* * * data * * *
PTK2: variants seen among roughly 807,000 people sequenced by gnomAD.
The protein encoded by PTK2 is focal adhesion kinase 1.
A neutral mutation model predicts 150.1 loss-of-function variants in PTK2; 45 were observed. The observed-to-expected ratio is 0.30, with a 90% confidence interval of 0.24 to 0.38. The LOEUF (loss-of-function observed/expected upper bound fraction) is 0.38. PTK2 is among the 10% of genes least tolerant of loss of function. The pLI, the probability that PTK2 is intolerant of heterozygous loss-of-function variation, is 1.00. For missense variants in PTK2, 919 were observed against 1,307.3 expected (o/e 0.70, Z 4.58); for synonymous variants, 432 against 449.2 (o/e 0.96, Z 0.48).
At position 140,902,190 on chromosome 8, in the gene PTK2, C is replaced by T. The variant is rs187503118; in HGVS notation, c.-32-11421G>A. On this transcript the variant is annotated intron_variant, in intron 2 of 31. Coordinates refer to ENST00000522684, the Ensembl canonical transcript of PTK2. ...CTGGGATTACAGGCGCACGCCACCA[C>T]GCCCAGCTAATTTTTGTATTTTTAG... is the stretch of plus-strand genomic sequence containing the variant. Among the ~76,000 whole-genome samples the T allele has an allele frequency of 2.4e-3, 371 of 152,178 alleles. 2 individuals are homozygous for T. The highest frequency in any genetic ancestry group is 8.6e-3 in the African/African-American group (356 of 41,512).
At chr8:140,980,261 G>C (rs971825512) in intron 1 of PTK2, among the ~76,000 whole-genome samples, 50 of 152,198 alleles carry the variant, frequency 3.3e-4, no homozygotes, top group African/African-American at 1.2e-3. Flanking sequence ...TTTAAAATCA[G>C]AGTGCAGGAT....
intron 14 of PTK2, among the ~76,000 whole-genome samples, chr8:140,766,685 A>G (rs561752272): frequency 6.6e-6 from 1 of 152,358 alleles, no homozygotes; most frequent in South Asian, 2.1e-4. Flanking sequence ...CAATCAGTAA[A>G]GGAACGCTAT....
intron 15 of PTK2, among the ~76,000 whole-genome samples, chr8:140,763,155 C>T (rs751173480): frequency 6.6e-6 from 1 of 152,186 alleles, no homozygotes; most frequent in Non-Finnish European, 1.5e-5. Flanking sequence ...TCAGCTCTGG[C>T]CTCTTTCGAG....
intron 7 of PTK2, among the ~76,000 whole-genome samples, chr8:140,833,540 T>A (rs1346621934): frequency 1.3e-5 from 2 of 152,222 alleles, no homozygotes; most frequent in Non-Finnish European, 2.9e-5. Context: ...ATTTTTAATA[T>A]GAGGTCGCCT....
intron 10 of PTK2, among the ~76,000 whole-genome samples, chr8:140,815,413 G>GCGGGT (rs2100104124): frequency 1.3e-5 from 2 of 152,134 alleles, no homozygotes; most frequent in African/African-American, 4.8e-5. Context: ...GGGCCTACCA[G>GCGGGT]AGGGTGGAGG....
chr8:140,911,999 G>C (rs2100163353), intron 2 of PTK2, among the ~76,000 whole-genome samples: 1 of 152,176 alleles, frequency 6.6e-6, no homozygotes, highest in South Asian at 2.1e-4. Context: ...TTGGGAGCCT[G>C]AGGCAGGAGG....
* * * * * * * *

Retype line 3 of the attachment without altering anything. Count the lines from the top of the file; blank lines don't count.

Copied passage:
A neutral mutation model predicts 150.1 loss-of-function variants in PTK2; 45 were observed. The observed-to-expected ratio is 0.30, with a 90% confidence interval of 0.24 to 0.38. The LOEUF (loss-of-function observed/expected upper bound fraction) is 0.38. PTK2 is among the 10% of genes least tolerant of loss of function. The pLI, the probability that PTK2 is intolerant of heterozygous loss-of-function variation, is 1.00. For missense variants in PTK2, 919 were observed against 1,307.3 expected (o/e 0.70, Z 4.58); for synonymous variants, 432 against 449.2 (o/e 0.96, Z 0.48).